Goku, Male, 57Written by Viknesan
Alcohol came into my life when I was just 16 years of age, introduced to me by friends. It was the social elixir of life and friendships. I used to share a few cans of beer with my classmates and even bought cheap cooking wine from the provision shop. We didn’t have a lot of money but drinking with my friends made it fun. After army, I started drinking regularly and it soon became a daily occurrence after work. Working in a shipyard was tough. I started out with the occasional drink, then social drinking which eventually turned serious. Now I joke that at first the alcohol went into me but after a while I went into the alcohol. I literally dived into it. This is my story.
Drinking after work helped me to destress and socialise with my colleagues. Over time, however, I was drinking even on weekends when I was not working. As time went on, I went from drinking two big bottles of stout and beer to a few bottles daily. Alcohol was my escape and relief from work and family stress. My siblings were drinking heavily as well. In my late 40s I was hooked on alcohol and it affected my work, marriage and family relationships. I used to drink and get verbally abusive with my wife and kids. I also had difficulty turning up for work, and one day the company fired me.
I secured a new job with a logistics company as a fork lift driver. I did try to stop drinking for a while then. I didn’t want alcohol to affect my job, but that didn’t last long. After a few weeks of shift work I started drinking again. I managed to keep my jobs, but I nearly got into accidents at work. Still, I continued to drink and had a strained relationship with my co-workers and family.
I started developing stomach problems like severe gastric pains and vomiting blood. I was also diagnosed with diabetes but I still continued drinking to avoid withdrawal symptoms and enjoy the intoxicating effects of alcohol. It was not until my elder brother died from alcoholism and diabetic complications that I was finally shaken to my senses. I never expected a strong, educated and dedicated family man like him to just fall into a coma. I used to drink with him a lot in the past. During his funeral, it hit me hard that I was going to be the next to fall.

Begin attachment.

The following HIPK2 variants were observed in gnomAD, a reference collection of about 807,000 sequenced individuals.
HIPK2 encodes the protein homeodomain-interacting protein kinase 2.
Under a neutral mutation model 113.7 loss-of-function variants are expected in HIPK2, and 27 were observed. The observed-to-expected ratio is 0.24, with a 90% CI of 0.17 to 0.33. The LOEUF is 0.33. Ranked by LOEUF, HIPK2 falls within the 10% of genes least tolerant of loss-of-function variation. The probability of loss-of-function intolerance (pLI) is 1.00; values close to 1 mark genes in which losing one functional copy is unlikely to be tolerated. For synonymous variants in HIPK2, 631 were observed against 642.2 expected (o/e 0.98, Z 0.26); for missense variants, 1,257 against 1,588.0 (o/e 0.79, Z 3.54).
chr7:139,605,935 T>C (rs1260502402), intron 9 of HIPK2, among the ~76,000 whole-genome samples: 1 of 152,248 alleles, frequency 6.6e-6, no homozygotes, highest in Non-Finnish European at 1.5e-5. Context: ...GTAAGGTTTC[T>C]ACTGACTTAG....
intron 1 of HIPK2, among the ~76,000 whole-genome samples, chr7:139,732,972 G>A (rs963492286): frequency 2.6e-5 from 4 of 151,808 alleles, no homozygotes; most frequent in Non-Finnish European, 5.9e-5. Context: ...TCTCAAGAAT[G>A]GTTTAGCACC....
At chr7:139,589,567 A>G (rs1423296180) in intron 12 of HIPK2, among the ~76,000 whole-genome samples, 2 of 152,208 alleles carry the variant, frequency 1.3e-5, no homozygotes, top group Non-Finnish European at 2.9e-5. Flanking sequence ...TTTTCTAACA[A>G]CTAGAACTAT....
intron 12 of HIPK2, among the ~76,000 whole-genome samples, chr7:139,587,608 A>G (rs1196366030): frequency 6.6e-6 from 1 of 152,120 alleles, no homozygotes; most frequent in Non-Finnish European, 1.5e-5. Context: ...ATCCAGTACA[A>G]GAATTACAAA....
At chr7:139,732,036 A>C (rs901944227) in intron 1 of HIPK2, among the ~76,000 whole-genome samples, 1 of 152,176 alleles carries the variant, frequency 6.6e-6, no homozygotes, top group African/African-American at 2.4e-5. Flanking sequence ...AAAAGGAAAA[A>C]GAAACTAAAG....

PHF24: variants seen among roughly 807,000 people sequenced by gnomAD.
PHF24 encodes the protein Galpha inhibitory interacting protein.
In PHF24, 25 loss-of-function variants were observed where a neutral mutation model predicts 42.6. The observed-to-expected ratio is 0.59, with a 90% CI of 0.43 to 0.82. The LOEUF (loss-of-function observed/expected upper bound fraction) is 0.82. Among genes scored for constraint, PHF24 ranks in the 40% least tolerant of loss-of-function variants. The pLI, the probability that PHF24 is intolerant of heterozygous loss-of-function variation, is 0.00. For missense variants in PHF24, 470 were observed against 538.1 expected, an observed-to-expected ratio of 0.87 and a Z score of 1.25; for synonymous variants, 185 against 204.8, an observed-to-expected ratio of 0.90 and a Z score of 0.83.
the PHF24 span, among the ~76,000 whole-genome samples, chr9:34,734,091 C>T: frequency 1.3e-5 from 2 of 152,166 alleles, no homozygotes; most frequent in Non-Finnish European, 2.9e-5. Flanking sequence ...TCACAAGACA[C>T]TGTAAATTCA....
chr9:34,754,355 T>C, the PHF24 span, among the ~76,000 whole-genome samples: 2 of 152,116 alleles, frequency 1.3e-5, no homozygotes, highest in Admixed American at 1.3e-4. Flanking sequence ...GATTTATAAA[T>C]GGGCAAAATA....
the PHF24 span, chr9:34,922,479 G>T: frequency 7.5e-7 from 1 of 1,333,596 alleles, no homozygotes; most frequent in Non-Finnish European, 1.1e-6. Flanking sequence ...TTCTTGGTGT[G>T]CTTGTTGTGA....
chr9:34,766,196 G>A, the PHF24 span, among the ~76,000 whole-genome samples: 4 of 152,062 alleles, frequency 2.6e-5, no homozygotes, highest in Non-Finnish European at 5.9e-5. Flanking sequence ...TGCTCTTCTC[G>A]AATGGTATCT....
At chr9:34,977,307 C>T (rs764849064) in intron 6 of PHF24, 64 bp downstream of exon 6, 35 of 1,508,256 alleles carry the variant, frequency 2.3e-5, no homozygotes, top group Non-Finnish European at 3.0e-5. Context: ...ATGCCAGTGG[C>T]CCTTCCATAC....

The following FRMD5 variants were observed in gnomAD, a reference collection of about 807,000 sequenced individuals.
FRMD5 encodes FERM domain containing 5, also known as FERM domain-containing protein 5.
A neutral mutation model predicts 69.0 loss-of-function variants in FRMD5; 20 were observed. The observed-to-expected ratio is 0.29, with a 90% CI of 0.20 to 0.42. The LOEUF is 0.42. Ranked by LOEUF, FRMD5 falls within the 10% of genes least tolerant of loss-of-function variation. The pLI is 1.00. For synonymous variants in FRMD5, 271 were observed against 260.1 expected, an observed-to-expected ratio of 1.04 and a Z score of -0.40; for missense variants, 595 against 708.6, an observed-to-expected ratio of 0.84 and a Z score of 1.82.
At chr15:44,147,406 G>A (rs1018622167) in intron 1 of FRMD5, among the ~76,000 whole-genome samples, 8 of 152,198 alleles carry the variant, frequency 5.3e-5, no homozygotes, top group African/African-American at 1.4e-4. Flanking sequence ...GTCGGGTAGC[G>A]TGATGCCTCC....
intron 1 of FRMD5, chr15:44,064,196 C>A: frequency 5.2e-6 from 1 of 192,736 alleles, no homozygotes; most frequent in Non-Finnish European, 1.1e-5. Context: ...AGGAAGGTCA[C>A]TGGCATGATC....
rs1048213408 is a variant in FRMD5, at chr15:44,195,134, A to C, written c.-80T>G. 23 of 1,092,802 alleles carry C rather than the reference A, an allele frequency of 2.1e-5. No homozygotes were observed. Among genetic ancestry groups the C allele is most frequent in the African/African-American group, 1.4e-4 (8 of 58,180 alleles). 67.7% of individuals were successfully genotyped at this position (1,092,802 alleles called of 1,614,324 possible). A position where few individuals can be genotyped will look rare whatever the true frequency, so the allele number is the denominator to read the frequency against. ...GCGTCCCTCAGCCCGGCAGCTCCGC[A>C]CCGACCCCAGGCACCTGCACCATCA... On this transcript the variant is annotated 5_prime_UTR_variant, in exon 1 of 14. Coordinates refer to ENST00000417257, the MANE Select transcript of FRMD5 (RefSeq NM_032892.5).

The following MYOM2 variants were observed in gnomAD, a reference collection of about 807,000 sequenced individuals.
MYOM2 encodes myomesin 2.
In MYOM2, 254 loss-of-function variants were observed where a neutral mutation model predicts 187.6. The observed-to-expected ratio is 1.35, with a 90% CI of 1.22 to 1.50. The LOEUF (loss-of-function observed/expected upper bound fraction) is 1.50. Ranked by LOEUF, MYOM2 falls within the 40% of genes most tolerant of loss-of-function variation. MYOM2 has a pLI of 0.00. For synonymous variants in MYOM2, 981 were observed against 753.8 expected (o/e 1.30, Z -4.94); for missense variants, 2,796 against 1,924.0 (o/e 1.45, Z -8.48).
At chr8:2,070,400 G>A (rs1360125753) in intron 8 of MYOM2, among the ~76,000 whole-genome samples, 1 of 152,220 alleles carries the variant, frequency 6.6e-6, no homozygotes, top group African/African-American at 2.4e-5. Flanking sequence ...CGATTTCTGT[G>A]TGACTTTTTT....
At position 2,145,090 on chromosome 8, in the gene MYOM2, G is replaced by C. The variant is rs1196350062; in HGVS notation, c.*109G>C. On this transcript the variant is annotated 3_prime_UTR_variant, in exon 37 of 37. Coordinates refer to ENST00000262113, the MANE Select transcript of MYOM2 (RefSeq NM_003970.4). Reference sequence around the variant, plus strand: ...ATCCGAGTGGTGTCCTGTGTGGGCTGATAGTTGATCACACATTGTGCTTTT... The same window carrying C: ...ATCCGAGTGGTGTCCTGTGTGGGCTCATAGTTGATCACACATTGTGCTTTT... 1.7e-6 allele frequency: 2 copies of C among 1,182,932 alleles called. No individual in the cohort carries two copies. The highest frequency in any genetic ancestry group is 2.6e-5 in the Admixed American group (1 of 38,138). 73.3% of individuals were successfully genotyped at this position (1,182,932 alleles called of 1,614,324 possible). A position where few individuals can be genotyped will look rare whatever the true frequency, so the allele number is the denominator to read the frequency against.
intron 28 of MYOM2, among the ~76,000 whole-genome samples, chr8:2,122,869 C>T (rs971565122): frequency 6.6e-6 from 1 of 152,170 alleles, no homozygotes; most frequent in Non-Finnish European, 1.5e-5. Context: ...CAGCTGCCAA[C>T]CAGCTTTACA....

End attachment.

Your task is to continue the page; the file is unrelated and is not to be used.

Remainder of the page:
I decided to seek help. I didn’t want to die and my wife was supportive, even after the hell I put her through. I got better after detoxification and stopped drinking. I attended recovery support groups. In the early days of my recovery, there were times when I just wanted to give up. It was really tough to be ‘detoxed’ in a closed ward with other strangers, away from the comforts of home. I could relate to some of the counsellors who had a recovery background. There were moments I just wanted to leave mid-way and drink again, but I thought about my deceased brother and my family a lot. I had to stay clean and sober, if not I could lose a limb or become a “vegetable” like my brother.
When I was intoxicated, I wanted to be sober and dry; but when I was sober, I wanted to get intoxicated. Alcohol had always been my coping mechanism when facing stress and problems, but I had to do it differently now for my own survival. I relapsed two days after leaving the ward but my outpatient and support group counsellors didn’t give up on me. They encouraged and guided me every step of the way. My wife was very patient and kept on believing in me. I picked myself up quickly and followed up with WE CARE, a community-based support group on a regular basis.
I have remained abstinent for nearly one year and my health complications have improved. I have also chosen a healthy lifestyle. Looking back, I realised that one drink was too much, but a hundred and one was never enough. Finally, I admitted during one of the support group sessions that the only way to live life was to be alcohol-free. Even now after I embraced an alcohol-free lifestyle, if you ask me whether I love alcohol, I will still say yes. But now I love myself more than alcohol. I want to abstain from alcohol, stay sober, and forge healthy relationships with people in recovery from addictions. I know that I can’t do this alone and that I need constant encouragement and help.
I want to live again. It’s a constant struggle not to drink, as the urges and cravings are bad at times, but with the right help from my counsellors and the recovering community, I now have a chance to live a long and healthy life again, on my terms.
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